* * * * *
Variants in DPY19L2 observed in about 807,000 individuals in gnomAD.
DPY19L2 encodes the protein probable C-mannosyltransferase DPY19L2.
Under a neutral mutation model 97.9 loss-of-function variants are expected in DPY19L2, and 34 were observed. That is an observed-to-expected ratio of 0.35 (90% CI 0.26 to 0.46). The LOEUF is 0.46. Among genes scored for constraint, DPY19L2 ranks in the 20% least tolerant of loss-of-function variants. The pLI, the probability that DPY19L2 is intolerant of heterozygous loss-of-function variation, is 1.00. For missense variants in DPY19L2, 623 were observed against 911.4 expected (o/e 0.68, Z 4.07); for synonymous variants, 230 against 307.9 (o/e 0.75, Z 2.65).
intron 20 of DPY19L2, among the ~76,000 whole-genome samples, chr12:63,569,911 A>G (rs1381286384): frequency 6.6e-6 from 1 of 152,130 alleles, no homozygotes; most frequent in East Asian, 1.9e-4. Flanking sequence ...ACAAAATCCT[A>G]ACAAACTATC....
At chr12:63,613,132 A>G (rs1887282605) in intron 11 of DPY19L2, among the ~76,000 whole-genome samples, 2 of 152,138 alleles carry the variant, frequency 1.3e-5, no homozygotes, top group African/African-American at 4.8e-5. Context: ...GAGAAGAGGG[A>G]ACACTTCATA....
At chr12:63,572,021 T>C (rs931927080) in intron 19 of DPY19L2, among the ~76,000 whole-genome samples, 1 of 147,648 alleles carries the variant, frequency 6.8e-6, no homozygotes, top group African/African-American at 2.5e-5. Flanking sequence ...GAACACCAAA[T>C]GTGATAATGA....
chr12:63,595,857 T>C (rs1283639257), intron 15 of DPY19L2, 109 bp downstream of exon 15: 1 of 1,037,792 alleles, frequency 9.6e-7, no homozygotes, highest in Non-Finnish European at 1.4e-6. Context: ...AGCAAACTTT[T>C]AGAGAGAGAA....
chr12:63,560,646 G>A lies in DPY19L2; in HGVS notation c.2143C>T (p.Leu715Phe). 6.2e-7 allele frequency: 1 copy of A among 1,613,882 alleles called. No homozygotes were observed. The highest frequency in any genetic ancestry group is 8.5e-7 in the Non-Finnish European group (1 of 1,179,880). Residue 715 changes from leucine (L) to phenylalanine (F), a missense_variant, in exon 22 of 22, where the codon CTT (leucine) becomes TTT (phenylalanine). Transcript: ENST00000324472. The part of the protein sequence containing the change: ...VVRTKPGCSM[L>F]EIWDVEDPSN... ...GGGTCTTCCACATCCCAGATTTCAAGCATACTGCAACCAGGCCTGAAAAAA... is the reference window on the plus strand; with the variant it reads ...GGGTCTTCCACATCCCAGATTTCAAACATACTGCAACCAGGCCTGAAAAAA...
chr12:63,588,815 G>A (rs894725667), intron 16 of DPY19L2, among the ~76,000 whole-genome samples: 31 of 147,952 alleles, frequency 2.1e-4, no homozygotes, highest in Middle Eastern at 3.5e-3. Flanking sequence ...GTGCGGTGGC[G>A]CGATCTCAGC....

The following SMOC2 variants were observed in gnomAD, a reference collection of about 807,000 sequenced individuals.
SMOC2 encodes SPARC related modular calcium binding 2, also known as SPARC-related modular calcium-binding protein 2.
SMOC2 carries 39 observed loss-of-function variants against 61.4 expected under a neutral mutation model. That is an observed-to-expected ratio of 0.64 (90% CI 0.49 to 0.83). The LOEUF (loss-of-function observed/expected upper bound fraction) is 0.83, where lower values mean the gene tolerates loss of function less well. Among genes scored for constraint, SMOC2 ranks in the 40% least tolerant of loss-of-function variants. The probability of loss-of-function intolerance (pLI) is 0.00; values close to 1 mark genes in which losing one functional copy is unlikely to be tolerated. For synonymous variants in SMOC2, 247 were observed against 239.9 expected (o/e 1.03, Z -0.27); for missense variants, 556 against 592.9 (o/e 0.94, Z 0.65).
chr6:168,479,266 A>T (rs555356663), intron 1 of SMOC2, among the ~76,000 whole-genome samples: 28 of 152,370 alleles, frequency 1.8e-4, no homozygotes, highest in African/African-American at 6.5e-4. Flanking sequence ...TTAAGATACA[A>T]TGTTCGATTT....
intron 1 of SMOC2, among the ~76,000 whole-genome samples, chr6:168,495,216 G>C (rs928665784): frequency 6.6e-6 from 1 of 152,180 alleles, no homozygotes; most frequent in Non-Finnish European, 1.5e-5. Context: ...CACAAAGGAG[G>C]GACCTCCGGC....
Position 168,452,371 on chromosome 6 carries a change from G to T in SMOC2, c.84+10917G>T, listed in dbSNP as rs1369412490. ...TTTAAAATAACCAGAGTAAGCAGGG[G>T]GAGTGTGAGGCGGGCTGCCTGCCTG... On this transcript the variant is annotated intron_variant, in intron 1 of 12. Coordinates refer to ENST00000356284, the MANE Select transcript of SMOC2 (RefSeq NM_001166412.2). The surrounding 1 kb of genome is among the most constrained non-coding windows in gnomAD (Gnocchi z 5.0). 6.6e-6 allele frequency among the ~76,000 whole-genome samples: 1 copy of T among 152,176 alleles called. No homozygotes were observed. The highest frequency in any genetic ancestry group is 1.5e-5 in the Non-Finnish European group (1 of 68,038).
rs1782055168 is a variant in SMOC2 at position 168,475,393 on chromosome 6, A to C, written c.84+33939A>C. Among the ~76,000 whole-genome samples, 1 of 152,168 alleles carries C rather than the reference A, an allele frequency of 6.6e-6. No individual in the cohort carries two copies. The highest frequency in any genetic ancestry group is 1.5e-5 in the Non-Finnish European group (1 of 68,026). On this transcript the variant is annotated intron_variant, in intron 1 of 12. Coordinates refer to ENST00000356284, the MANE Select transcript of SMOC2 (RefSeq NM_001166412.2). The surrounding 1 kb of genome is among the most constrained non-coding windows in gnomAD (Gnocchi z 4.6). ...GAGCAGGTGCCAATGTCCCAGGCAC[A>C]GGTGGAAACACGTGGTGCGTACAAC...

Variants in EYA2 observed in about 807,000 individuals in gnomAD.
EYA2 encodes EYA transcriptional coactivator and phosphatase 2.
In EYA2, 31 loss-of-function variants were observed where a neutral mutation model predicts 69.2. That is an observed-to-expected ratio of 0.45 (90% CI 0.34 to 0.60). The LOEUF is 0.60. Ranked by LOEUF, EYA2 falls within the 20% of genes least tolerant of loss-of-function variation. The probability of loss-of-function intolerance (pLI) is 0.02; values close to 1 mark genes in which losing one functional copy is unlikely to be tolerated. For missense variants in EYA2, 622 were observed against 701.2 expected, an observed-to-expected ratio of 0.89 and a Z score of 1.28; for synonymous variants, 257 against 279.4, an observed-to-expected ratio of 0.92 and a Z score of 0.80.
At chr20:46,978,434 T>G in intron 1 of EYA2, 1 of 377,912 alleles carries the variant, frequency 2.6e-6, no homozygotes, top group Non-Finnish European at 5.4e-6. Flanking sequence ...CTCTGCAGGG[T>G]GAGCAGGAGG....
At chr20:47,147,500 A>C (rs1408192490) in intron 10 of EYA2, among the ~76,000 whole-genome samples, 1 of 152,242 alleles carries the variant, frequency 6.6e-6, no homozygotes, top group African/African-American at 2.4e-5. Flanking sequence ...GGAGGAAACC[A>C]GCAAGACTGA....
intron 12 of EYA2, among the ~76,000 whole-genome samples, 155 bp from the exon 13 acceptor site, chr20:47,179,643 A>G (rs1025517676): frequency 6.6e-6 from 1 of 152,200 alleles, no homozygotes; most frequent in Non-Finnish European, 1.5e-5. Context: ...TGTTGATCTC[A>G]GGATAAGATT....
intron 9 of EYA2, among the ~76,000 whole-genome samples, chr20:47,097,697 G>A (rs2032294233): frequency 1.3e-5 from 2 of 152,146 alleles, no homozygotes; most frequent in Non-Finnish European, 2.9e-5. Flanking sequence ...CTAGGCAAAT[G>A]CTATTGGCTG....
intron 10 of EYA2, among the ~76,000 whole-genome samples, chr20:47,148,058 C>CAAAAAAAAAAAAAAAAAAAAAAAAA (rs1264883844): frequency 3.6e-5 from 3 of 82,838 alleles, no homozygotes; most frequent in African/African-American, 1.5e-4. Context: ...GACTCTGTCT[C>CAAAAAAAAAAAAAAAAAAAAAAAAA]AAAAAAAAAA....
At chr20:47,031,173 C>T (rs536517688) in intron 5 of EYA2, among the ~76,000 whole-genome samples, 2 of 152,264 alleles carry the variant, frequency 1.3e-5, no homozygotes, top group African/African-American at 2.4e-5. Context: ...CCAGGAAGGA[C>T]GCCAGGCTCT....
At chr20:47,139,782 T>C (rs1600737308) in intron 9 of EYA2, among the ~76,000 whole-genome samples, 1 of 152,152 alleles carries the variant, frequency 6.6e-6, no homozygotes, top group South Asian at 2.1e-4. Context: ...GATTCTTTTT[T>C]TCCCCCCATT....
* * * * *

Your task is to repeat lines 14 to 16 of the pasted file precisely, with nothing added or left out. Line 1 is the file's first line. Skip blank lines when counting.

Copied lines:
intron 1 of SMOC2, among the ~76,000 whole-genome samples, chr6:168,495,216 G>C (rs928665784): frequency 6.6e-6 from 1 of 152,180 alleles, no homozygotes; most frequent in Non-Finnish European, 1.5e-5. Context: ...CACAAAGGAG[G>C]GACCTCCGGC....
Position 168,452,371 on chromosome 6 carries a change from G to T in SMOC2, c.84+10917G>T, listed in dbSNP as rs1369412490. ...TTTAAAATAACCAGAGTAAGCAGGG[G>T]GAGTGTGAGGCGGGCTGCCTGCCTG... On this transcript the variant is annotated intron_variant, in intron 1 of 12. Coordinates refer to ENST00000356284, the MANE Select transcript of SMOC2 (RefSeq NM_001166412.2). The surrounding 1 kb of genome is among the most constrained non-coding windows in gnomAD (Gnocchi z 5.0). 6.6e-6 allele frequency among the ~76,000 whole-genome samples: 1 copy of T among 152,176 alleles called. No homozygotes were observed. The highest frequency in any genetic ancestry group is 1.5e-5 in the Non-Finnish European group (1 of 68,038).
rs1782055168 is a variant in SMOC2 at position 168,475,393 on chromosome 6, A to C, written c.84+33939A>C. Among the ~76,000 whole-genome samples, 1 of 152,168 alleles carries C rather than the reference A, an allele frequency of 6.6e-6. No individual in the cohort carries two copies. The highest frequency in any genetic ancestry group is 1.5e-5 in the Non-Finnish European group (1 of 68,026). On this transcript the variant is annotated intron_variant, in intron 1 of 12. Coordinates refer to ENST00000356284, the MANE Select transcript of SMOC2 (RefSeq NM_001166412.2). The surrounding 1 kb of genome is among the most constrained non-coding windows in gnomAD (Gnocchi z 4.6). ...GAGCAGGTGCCAATGTCCCAGGCAC[A>C]GGTGGAAACACGTGGTGCGTACAAC...